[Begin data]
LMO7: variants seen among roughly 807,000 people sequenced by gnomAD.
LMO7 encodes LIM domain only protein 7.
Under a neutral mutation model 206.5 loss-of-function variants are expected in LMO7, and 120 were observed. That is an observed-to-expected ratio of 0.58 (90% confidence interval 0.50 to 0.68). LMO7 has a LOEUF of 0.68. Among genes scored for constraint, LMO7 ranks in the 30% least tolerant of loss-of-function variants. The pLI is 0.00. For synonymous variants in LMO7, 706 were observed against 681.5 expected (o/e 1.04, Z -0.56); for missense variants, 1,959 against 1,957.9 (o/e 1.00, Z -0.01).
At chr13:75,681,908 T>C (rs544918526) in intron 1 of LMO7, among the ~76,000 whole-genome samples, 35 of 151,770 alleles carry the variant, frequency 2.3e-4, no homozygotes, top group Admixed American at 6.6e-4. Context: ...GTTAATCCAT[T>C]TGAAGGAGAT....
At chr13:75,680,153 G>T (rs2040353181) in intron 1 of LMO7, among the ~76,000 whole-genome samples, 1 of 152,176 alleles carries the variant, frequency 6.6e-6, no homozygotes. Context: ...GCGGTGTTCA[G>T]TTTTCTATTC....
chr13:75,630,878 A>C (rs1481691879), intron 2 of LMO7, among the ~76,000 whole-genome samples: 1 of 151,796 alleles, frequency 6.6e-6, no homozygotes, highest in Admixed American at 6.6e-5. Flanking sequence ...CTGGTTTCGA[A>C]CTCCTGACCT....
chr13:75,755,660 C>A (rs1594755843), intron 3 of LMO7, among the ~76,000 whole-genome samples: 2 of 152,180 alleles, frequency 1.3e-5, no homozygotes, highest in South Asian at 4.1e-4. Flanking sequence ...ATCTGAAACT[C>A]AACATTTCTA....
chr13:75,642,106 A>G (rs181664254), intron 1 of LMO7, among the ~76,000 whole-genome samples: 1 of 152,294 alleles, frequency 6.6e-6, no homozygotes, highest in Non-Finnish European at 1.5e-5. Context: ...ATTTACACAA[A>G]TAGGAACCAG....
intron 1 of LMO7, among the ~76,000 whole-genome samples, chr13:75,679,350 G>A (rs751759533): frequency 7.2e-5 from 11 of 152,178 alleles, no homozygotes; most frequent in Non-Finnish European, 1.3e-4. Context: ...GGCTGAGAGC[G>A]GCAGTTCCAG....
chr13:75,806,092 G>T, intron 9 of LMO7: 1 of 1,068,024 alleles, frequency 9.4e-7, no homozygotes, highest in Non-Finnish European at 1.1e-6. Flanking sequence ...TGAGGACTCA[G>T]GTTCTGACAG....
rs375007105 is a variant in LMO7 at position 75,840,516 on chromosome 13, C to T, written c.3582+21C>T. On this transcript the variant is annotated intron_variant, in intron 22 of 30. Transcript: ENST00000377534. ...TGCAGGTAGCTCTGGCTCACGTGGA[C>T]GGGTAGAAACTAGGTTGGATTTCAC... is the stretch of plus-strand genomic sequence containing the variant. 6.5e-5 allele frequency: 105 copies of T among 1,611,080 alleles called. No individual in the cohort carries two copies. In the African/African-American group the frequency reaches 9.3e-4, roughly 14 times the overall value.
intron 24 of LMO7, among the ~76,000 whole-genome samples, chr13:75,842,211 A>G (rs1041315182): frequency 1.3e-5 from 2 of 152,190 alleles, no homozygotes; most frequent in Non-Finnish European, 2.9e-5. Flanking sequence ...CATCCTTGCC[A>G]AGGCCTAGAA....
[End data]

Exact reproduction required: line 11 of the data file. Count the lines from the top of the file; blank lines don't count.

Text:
rs375007105 is a variant in LMO7 at position 75,840,516 on chromosome 13, C to T, written c.3582+21C>T. On this transcript the variant is annotated intron_variant, in intron 22 of 30. Transcript: ENST00000377534. ...TGCAGGTAGCTCTGGCTCACGTGGA[C>T]GGGTAGAAACTAGGTTGGATTTCAC... is the stretch of plus-strand genomic sequence containing the variant. 6.5e-5 allele frequency: 105 copies of T among 1,611,080 alleles called. No individual in the cohort carries two copies. In the African/African-American group the frequency reaches 9.3e-4, roughly 14 times the overall value.